Girls entering sixth grade would be required to get vaccinations to protect them against human papilloma virus (HPV) under legislation proposed in West Virginia’s state capitol, the Associated Press reports.
Delegate Bonnie Brown, D-Kanawha, promoted legislation Tuesday that would mandate vaccination against the disease.
According to a study released Tuesday by Women in Government, a non-profit, bipartisan organization of female state legislators, West Virginia’s cervical cancer fatality rate is the second highest in the US, behind only Washington, DC. Four women per 100,000 die of cervical cancer in the state every year, according to the study.
“It is important that as many girls as possible have access to this lifesaving technology,” Brown said during a news conference in Charleston, WV.
Resources will be a central question for the legislation, the AP reported. The vaccines cost $120 per dose and the course of treatment requires three doses. This year, there are 10,235 sixth grade girls in West Virginia, according to the state Dept. of Education. At $360 per course of treatment, that’s a bill of more than $3.6 million.
The vaccine, Merck’s Gardasil, prevents infections from the sexually transmitted virus HPV, which can cause cervical cancer, genital lesions and genital warts. Gardasil was approved in June for girls as young as 9 and a government advisory panel later recommended that the vaccine be given before girls become sexually active.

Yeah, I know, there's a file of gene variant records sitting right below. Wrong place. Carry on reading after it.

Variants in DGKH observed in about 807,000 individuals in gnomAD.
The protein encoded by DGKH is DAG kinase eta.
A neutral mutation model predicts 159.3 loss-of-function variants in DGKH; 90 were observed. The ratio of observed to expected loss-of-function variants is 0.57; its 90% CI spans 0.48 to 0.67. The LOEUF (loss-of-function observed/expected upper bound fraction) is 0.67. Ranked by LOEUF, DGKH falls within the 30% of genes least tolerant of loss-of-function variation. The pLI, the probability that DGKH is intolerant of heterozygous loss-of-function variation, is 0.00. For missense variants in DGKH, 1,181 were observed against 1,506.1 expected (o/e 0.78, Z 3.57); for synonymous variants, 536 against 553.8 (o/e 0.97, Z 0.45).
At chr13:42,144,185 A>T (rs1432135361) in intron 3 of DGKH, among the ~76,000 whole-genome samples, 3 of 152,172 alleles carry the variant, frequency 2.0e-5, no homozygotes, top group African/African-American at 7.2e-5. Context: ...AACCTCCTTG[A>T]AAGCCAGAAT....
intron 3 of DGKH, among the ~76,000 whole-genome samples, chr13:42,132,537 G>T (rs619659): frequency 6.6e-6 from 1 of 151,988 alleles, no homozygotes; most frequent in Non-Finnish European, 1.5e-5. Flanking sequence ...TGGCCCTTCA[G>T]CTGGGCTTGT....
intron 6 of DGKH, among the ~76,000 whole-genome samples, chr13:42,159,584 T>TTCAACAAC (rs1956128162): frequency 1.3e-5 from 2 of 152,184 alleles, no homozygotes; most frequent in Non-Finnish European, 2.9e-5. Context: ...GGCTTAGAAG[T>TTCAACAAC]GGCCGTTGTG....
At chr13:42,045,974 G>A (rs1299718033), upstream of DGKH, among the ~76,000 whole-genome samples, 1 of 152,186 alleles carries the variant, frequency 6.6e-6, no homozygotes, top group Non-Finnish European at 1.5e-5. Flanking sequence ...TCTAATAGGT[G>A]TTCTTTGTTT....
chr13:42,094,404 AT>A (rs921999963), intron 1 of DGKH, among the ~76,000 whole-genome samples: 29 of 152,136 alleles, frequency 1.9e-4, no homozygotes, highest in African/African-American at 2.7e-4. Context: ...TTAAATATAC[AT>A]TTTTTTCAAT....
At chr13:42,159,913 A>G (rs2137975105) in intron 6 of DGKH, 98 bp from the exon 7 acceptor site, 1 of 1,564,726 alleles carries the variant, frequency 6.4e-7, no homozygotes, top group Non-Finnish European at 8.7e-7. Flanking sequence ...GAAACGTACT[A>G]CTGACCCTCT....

About 6 million Americans are diagnosed annually with HPV. The American Cancer Society estimates cervical cancer will be diagnosed in 9,700 women nationwide this year and that 3,700 will die. An estimated 70% of cervical cancer cases are caused by HPV.
Lawmakers in Maryland and Virginia have also proposed bills similar to the West Virginia legislation.
In December, New Hampshire health officials announced plans to offer Gardasil human vaccine free to all girls to help protect them against cervical cancer. The New Hampshire Vaccines for Children program is funded by the federal government and private insurers and offers “no-cost” immunizations to children through age 18. The program also pays to vaccinate children against other diseases, such as hepatitis A and B, polio and measles. A total of $4.8 million has been budgeted for the HPV vaccine for 2007.
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